An Experiment to Change Detection and Management of Mental Morbidity in Primary Care


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Abstract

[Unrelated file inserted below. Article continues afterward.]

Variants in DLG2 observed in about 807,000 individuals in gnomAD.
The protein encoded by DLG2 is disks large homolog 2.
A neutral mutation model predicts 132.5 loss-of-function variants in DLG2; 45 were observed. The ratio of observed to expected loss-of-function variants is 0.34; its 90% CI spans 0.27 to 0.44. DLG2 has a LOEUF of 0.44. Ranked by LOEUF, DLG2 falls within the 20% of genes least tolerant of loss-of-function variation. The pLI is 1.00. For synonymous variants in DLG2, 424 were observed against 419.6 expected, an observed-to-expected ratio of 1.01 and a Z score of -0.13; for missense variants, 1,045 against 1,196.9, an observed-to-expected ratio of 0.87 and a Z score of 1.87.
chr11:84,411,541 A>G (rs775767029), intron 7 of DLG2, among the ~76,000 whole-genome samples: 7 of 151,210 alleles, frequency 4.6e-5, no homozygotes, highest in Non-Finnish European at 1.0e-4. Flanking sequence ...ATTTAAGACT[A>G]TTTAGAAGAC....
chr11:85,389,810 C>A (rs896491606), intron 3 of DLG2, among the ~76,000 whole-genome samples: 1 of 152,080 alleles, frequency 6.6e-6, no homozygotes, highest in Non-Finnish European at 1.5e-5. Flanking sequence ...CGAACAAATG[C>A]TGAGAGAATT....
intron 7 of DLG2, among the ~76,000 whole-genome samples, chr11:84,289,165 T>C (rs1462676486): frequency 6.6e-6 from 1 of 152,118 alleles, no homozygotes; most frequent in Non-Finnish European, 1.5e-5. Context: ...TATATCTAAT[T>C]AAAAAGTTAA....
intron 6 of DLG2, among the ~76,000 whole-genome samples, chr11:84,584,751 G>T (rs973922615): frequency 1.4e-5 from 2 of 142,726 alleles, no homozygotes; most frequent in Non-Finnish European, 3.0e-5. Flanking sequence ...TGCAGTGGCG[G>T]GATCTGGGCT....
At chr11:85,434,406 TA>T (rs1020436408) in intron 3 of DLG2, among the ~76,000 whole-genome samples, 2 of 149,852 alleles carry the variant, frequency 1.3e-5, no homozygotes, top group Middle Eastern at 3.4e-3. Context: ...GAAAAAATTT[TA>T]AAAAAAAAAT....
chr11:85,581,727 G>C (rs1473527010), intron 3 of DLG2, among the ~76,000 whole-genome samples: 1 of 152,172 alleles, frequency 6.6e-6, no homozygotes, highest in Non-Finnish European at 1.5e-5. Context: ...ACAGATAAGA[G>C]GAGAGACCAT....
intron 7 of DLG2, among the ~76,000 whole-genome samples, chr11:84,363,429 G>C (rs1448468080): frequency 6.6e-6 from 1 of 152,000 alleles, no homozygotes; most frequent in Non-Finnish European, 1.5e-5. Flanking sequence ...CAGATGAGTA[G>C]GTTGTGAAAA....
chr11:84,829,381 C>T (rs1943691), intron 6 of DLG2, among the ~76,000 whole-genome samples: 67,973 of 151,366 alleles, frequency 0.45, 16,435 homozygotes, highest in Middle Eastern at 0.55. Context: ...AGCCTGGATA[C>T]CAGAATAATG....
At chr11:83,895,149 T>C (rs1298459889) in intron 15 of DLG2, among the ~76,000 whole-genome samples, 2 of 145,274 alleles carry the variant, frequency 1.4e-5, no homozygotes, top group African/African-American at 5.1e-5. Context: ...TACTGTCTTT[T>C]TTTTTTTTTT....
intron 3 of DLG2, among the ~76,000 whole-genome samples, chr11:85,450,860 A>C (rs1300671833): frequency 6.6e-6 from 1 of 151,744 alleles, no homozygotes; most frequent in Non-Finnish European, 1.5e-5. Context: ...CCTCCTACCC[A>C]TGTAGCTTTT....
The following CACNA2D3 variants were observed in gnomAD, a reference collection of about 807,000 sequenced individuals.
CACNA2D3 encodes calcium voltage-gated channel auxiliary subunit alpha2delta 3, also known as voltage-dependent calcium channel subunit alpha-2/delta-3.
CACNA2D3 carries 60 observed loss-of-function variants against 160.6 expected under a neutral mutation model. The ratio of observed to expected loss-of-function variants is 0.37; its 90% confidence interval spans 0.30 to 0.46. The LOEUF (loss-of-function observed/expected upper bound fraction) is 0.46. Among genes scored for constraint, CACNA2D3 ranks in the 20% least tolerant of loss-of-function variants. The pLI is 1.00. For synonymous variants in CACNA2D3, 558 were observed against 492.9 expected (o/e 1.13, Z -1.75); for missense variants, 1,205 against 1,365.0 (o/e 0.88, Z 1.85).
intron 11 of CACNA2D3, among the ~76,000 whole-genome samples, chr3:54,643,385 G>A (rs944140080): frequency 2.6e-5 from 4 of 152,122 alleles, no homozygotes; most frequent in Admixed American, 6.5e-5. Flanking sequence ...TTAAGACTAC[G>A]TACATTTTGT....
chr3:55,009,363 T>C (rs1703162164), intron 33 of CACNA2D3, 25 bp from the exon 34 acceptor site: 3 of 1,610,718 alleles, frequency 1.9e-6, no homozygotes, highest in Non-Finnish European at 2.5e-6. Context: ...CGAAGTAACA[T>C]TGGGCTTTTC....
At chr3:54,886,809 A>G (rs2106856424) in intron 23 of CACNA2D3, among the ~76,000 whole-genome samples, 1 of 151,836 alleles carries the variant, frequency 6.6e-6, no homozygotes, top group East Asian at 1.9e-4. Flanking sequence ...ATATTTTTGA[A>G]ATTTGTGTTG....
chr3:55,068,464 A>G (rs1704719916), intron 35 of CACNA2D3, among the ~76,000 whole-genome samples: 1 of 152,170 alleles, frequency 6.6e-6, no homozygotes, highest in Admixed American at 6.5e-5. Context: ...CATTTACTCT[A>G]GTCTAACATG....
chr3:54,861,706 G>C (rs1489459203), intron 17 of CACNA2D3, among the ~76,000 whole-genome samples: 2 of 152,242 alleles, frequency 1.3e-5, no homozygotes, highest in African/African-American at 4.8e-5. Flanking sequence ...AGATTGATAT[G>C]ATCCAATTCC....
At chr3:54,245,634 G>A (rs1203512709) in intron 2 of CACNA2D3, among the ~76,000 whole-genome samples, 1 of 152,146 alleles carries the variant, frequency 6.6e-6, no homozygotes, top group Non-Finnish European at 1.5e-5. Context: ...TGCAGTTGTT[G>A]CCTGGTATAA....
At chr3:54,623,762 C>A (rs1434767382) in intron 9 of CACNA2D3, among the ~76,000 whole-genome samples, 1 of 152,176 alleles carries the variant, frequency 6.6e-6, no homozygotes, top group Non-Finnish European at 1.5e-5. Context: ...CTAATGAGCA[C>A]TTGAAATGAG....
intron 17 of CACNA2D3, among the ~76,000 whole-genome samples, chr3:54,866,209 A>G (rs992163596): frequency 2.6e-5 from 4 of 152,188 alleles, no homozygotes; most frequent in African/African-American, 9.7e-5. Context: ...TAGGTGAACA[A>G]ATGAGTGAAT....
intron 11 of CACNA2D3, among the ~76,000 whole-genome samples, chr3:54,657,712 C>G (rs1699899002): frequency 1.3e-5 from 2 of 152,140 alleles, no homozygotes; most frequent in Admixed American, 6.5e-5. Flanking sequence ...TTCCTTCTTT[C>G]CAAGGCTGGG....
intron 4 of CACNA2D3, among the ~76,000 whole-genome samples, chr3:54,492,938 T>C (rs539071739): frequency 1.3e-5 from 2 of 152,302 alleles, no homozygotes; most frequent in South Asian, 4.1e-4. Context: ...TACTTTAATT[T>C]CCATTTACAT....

A randomized clinical trial was conducted in a group practice for the primary care of adult patients to address the effect of feedback to providers of information from a psychiatric screening questionnaire, the General Health Questionnaire (GHQ). The practice is staffed by faculty, residents, and health care extenders of The Johns Hopkins University School of Medicine's Division of Internal Medicine. The patient population was drawn mainly from the inner city community in Baltimore that surrounds the hospital, where the practice is physically based. The GHQ was administered at the time of a regular visit to the practice and results made available to the clinicians for randomly allocated subsamples of their patients. The study results showed that feedback of GHQ information led to only marginal effects on overall detection of mental health problems among the patients in general. However, marked increases in detection occurred among the elderly, blacks, and men, subgroups that ordinarily have relatively low rates of detection of mental morbidity by primary care practitioners. Feedback of GHQ information did not affect management.

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